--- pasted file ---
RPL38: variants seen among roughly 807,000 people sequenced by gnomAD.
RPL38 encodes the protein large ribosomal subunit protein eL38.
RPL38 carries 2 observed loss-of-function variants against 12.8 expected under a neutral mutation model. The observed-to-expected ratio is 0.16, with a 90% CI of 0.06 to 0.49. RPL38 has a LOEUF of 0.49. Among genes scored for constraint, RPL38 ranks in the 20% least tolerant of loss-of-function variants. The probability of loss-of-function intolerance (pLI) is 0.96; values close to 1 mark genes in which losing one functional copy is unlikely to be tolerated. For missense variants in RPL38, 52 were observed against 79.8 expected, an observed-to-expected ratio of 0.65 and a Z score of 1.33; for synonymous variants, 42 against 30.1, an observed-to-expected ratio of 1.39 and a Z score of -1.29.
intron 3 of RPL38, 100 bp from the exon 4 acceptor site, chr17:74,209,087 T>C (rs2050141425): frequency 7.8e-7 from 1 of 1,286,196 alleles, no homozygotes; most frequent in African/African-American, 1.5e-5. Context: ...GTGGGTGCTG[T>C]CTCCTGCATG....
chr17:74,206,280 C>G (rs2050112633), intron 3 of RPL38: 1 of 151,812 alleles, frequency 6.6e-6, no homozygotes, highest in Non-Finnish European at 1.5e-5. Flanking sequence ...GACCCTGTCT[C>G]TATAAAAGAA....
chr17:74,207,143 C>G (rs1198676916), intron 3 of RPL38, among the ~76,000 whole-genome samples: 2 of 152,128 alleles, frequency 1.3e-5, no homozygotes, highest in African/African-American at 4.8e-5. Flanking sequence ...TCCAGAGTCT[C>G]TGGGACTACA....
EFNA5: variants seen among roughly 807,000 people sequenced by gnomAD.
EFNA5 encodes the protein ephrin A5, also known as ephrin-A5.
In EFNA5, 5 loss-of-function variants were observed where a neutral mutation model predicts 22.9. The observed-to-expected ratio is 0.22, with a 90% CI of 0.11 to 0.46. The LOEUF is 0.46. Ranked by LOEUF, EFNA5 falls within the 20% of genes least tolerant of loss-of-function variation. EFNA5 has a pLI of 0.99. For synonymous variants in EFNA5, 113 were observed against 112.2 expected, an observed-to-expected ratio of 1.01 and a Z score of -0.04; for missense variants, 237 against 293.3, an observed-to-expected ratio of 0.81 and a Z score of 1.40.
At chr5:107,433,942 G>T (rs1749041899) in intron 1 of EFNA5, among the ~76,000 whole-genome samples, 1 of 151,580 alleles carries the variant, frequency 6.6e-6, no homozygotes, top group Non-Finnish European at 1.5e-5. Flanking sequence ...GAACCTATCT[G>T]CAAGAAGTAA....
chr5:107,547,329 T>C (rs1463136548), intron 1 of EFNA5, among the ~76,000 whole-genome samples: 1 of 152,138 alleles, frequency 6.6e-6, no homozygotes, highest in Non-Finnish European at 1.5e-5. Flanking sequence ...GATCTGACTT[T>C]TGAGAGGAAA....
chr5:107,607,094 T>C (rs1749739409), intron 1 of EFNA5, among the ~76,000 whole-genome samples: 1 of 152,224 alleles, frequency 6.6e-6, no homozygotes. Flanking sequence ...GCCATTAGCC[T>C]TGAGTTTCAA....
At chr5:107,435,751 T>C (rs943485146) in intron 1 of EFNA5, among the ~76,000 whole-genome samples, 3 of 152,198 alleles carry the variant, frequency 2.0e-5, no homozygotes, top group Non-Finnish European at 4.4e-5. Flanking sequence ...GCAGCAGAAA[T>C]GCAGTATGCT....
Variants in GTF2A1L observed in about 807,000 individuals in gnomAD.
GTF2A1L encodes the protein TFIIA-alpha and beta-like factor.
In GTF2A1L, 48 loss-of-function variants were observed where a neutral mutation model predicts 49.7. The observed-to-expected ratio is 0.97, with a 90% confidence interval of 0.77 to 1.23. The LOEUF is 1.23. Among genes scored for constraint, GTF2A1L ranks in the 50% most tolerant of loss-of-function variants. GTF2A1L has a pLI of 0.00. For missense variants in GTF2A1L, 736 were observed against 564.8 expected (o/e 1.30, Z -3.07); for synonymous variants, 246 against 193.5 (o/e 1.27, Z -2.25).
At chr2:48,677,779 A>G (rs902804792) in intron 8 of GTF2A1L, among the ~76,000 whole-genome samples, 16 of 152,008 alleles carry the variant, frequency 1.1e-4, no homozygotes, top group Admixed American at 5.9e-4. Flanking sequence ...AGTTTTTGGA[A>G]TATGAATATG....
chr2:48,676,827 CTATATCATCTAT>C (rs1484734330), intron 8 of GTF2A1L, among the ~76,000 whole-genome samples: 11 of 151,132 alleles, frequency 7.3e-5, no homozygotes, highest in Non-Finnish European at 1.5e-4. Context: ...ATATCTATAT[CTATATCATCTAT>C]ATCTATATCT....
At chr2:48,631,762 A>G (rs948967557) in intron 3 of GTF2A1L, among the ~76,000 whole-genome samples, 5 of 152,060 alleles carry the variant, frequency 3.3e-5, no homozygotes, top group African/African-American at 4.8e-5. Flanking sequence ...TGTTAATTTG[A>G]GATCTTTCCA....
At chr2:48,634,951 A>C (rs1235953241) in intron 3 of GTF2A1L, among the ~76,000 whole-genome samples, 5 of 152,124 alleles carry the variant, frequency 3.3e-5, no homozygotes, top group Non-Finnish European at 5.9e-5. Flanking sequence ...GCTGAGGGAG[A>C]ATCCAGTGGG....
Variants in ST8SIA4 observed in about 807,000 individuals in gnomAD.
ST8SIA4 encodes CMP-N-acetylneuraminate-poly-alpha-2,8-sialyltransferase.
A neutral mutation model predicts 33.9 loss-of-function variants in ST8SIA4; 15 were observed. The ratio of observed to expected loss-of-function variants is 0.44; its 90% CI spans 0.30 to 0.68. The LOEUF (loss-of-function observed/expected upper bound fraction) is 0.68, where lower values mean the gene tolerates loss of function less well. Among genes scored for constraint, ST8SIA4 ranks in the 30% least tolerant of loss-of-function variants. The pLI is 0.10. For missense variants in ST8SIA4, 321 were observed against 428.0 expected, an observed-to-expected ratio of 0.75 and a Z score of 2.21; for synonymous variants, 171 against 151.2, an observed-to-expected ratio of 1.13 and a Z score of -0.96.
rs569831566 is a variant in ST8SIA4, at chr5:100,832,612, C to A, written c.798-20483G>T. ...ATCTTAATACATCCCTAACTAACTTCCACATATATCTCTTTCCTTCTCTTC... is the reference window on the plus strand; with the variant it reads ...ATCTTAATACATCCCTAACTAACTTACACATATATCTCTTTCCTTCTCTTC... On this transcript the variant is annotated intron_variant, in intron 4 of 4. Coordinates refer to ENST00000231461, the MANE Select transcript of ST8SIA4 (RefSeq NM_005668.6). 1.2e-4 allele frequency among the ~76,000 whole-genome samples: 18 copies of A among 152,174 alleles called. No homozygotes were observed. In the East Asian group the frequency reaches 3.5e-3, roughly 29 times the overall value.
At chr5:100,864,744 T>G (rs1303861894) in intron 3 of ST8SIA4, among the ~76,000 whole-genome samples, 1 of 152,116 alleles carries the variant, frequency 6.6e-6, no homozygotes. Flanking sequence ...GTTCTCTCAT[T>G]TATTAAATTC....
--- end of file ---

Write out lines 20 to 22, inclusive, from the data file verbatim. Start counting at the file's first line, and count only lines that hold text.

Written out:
At chr2:48,634,951 A>C (rs1235953241) in intron 3 of GTF2A1L, among the ~76,000 whole-genome samples, 5 of 152,124 alleles carry the variant, frequency 3.3e-5, no homozygotes, top group Non-Finnish European at 5.9e-5. Flanking sequence ...GCTGAGGGAG[A>C]ATCCAGTGGG....
Variants in ST8SIA4 observed in about 807,000 individuals in gnomAD.
ST8SIA4 encodes CMP-N-acetylneuraminate-poly-alpha-2,8-sialyltransferase.